When you get into an auto accident, one of the first questions that may come to mind is, “Who will pay for my damages?” The answer to this question can depend on many factors, including the circumstances of the collision and the parties involved, but a major influence will be whether you live in a fault or no-fault state. This is the question that, regardless of fault for your crash, will decide whose insurance company will pay for your damages. Navigating the fault laws in Idaho is one of the first steps you will need to take toward recovery after a collision. Speak to a Meridian accident attorney if you have more questions about Idaho’s laws regarding traffic accidents.
What Is a No-Fault State?
Only 12 states abide by no-fault insurance laws. In no-fault states, drivers involved in car accidents do not need to determine fault. It will not matter which driver caused the collision; both drivers will seek reimbursement for their damages from their insurance providers regardless. No-fault insurance laws mean each driver may only file a claim to damages with his or her insurance company, not the other driver’s insurer.
In no-fault insurance states, all drivers must purchase personal injury protection (PIP) insurance. This covers the policyholder’s medical bills after an auto accident. In exchange, drivers have peace of mind that as long as they have the proper insurance, they will receive coverage for crash damages without needing to prove someone else’s fault. It will not matter whether the at-fault driver sticks around, has insurance or disputes fault. The victim will receive a check for damages through his or her own insurance provider regardless.
Is Idaho a No-Fault State?
No, Idaho is not a no-fault state. Like most states in the U.S, Idaho abides by fault-based insurance laws. A fault or tort-based insurance system requires all parties involved in a car accident to determine fault for the crash before filing insurance claims with that party. Idaho’s fault laws mean you must identify which driver caused the crash and file a damage claim with that person’s insurance provider. You may need to gather evidence to prove fault if the other driver’s insurance company tries to refute liability.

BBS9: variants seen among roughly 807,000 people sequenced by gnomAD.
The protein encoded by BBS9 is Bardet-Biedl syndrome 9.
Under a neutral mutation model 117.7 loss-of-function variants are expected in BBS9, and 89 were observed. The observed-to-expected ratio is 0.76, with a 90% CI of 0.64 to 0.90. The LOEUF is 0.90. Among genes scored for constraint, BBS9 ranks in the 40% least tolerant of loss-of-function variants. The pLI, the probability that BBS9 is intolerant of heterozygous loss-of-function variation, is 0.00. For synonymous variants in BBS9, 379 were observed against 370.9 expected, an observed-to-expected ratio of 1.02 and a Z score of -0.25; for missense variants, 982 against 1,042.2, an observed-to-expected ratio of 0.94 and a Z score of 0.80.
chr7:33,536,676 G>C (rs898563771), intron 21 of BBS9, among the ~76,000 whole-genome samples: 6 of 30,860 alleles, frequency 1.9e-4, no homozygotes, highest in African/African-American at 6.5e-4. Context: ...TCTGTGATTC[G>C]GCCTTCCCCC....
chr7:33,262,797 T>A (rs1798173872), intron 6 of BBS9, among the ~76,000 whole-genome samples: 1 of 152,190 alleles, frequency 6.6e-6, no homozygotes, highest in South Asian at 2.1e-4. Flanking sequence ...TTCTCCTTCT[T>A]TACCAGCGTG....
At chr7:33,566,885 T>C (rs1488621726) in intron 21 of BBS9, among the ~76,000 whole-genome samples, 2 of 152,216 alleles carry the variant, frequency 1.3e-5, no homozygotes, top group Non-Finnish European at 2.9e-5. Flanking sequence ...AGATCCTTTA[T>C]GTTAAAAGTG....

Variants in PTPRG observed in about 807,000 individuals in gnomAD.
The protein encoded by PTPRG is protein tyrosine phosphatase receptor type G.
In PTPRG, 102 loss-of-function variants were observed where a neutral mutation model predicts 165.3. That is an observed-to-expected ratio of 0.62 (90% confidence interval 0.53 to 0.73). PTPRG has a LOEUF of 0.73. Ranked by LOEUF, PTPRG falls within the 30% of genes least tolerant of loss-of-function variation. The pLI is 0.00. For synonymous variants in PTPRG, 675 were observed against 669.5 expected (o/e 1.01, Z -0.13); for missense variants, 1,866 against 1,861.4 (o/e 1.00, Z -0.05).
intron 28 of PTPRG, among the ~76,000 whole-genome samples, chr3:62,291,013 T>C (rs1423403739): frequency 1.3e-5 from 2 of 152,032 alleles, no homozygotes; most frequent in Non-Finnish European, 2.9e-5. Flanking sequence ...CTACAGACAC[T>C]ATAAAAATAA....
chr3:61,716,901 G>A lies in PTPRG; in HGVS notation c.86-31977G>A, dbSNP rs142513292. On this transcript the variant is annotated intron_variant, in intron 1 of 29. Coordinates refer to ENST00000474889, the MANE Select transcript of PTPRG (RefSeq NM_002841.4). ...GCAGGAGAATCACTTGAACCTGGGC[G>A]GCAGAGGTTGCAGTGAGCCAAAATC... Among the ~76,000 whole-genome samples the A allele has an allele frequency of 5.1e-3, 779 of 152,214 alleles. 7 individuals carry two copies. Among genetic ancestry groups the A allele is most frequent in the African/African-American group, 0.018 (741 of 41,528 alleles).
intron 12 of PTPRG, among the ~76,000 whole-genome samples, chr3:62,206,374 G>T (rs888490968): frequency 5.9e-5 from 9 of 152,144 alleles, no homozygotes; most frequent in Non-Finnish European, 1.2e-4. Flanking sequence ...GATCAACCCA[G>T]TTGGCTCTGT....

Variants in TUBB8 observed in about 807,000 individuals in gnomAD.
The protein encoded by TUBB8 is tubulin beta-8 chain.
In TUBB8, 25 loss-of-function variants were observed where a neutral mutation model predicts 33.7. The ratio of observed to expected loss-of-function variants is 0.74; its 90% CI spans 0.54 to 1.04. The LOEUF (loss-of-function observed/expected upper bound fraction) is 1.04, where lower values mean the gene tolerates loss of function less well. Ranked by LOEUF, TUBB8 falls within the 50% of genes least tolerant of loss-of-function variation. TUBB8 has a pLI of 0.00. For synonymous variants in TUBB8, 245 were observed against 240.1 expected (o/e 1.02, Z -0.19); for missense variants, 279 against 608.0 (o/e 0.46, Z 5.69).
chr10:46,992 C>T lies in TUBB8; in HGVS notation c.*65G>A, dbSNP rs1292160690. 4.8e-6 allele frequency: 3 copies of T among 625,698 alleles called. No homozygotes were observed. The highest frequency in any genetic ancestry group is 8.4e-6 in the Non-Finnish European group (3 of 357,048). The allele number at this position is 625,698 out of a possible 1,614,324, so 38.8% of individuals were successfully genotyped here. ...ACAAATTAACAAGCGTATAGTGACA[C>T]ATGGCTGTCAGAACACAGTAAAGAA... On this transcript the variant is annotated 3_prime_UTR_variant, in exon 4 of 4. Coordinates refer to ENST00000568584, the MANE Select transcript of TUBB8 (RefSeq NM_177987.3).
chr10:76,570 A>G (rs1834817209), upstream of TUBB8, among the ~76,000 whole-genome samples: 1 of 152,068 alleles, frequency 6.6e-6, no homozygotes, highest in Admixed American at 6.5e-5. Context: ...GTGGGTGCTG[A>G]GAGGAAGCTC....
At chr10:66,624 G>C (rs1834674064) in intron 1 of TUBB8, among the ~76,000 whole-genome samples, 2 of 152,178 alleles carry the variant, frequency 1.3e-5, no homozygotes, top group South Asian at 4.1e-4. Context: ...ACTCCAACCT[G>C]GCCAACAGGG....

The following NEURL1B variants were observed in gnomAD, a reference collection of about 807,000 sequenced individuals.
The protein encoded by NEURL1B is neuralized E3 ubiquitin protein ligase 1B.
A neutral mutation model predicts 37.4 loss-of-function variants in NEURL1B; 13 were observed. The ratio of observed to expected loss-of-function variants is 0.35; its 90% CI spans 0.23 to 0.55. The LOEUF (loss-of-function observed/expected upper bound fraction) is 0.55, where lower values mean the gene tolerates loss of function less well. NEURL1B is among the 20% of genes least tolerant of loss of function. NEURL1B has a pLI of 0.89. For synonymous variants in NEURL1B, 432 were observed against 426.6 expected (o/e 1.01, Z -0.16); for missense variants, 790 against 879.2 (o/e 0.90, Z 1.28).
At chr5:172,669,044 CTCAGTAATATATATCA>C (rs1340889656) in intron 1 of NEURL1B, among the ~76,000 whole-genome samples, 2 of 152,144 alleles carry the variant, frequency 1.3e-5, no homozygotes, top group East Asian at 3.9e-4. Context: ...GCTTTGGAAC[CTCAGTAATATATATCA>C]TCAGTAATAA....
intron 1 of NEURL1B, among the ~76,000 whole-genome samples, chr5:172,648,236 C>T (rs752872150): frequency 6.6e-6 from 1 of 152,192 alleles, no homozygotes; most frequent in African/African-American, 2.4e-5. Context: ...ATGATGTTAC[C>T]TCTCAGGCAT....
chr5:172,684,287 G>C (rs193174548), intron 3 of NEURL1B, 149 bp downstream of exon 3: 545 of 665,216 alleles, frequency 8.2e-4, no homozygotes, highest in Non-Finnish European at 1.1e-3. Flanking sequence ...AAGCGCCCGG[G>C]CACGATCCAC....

It will be up to you or your personal injury lawyer in Meridian to prove the other driver’s fault if he or she does not openly admit to causing the wreck. Most insurance companies advise their policyholders never to admit fault, so it is common to encounter an at-fault party that disputes liability. Calling the police from the scene of an auto accident can help you establish evidence of the other driver’s fault. Providing the other driver’s insurer with a police report that states the driver was speeding, on the wrong side of the road or otherwise in the wrong at the time of the wreck will generally be proof enough for the insurance provider to offer a settlement.
Idaho’s Car Insurance Requirements
If you get into a crash with a driver that does not have insurance, and that driver was at fault for the wreck, you may need to rely on your own insurance coverage to pay for your property damage repairs and medical costs. The required amounts of insurance in Idaho are $25,000 per person and $50,000 per accident in bodily injury and death liability, as well as at least $15,000 in property damage liability. Your insurance may not cover your damages if you do not carry optional uninsured/underinsured motorist insurance. In these situations, you may need to fall back on a personal injury claim for compensation instead.
Bringing a lawsuit against the at-fault driver or another entity, such as a vehicle part manufacturer or the city government, could result in compensation for your losses even if the at-fault driver does not have insurance. Idaho’s fault-based laws allow crash victims to file lawsuits for their damages. In no-fault states, on the other hand, injuries must meet a certain threshold to give the victim the right to file a lawsuit. A lawyer can help you navigate Idaho’s fault-based insurance laws after a crash.